On December 15th, ABC broadcast the last documentary that Peter Jennings worked on before his death. It was called “Breakdown in Healthcare.”
I’m sure his own personal plight with lung cancer due to a lifetime of smoking played into the decision to examine US healthcare. Unfortunately, the program did not fully describe the subject in depth.
It was accurate reporting of the sighting of the floating iceberg, but failed to mention the fact that 90% of the problems are out of sight.
US Healthcare is the Titanic of the 21st Century.
Major corporations such as the American auto manufacturers are caught up in paying too much for employee and retiree healthcare to stay competitive. Auto makers will either go out of business or assemble their cars overseas where employers do not pay healthcare. Other manufacturers have already moved abroad to stay in business.
Healthcare is shaping the US economy, and not for the better.
Up front, all viewers should have been informed that the cost of healthcare in the US is twice as expensive as any other developed nation yet does not provide the average American with good healthcare. The exclusion would be the upper class and Congressmen, the latter having their own exclusive programs paid for by those that can’t afford healthcare for themselves.
WHO ranks the US 37th in the World in terms of good health. It is a shameful position.
The program also didn’t mention that over 70 percent of all US healthcare costs are spent within six months of death.
Being overmedicated, overtested, and overtreated at the end of our lives benefits no one except the providers of these services. The problem is that no one wants to be honest up front and tell patients or their caregivers that the end is near. Instead, the healthcare system shows little compassion and earnestly goes forward to prolong suffering of the dying at a cost we can no longer afford.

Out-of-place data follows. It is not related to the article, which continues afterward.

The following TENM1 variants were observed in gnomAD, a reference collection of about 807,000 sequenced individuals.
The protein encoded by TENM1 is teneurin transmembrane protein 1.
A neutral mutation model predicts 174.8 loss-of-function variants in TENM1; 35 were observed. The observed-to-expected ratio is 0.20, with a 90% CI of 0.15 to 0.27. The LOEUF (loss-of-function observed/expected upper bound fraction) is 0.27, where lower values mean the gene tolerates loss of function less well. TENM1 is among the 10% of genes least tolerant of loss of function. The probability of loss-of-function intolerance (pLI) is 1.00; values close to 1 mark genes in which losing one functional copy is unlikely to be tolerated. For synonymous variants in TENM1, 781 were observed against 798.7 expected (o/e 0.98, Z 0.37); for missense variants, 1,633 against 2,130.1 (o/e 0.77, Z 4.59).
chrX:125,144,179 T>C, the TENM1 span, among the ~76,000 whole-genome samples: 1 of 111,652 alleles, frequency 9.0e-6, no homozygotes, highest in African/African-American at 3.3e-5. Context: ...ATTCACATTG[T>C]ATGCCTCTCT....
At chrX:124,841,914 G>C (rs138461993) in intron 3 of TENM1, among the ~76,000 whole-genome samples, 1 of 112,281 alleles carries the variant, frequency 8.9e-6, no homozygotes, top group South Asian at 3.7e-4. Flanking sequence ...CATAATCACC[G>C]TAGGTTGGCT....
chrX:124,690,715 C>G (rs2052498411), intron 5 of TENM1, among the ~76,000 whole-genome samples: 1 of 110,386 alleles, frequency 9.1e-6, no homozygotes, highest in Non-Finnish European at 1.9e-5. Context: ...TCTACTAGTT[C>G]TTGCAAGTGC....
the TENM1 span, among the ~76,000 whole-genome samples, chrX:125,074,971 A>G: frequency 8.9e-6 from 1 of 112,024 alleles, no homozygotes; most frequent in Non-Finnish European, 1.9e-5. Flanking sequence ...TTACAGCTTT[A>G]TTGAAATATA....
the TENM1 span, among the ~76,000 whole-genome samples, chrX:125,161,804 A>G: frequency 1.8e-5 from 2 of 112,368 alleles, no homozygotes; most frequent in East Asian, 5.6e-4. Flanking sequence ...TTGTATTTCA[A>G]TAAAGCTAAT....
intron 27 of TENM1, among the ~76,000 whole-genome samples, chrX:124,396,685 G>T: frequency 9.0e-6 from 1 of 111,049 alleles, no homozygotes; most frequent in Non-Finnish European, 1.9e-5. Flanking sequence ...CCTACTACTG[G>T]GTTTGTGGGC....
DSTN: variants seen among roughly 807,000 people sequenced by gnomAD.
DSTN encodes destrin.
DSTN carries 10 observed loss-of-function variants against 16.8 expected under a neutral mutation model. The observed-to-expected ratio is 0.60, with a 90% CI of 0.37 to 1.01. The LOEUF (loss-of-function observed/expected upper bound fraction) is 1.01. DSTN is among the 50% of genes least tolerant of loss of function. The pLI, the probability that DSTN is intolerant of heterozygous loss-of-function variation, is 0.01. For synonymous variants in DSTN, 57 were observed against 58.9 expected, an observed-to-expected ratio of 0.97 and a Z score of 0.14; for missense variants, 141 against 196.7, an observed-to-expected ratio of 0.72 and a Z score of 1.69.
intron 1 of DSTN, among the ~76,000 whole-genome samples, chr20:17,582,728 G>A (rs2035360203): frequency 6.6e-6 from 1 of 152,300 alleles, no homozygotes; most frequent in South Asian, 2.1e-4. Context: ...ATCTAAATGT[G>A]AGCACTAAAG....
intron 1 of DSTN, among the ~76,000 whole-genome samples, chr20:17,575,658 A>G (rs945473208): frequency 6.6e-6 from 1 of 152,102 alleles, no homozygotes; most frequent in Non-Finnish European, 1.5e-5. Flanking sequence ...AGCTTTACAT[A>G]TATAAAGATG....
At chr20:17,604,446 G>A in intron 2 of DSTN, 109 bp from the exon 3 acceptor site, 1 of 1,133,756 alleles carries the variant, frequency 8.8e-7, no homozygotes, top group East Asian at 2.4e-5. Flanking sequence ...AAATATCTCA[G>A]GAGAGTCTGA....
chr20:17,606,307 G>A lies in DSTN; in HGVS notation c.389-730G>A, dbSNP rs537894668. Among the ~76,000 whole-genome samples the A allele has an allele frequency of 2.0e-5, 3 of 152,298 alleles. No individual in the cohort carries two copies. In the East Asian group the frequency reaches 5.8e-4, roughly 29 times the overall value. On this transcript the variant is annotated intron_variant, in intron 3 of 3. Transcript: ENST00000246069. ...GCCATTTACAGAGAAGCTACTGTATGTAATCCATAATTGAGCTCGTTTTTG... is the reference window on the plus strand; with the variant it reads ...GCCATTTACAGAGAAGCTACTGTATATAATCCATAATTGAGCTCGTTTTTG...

Is it okay to transfer wealth in this manner to compensate for the losses incurred by treating the uninsured, which was stated in the documentary as $25-billion in emergency room costs for the uninsured?
Many articles have been written about the major problems in healthcare. Two examples:
- Thirty percent of all surgeries are unnecessary.
- One out of five patients hospitalized acquires an illness while in the hospital that needs additional treatment. Over 200,000 people die from medication errors and the side effects of drugs.
Just taking most of the unnecessary “Black Box Drugs” off the market would help greatly. Using computer technology for diagnosis and record keeping would go a long way in preventing errors.
Isn’t it time that those who run our healthcare system in this country be honest with themselves and the American public and come up with real solutions?
Let’s drum out the incompetent, cheaters, and thieves. Let’s show compassion for all Americans.
We can cover everyone with a sound healthcare system for less than what is being spent today if we start making the educational changes that are necessary, revamping public health and getting the toxins out of our bodies and the environment. We must get the healthcare system to start doing what is good for the patient and not the provider.
What is lacking is leadership to get the ball rolling in Washington and the healthcare industry. The only Bush strategy is to offer Band-Aid solutions (Medicare D, malpractice limitations, etc.) while at the same time protect the special interests so that the political coffers stay full.
About the Author
T. Braun, Pharmacist, Buyer, Marketing Executive for a Major Drug Chain. Active for over 45 years in Pharmacy.
Legal Stuff: Permission is granted to all to reproduce this document in whole and redistribute to all that are as concerned as I about the future of our Medical system that has so many superior attributes that is operating under needless dark clouds of distress.
Disclaimer – This document is informational in nature. Medical advice should be secured through your physician.
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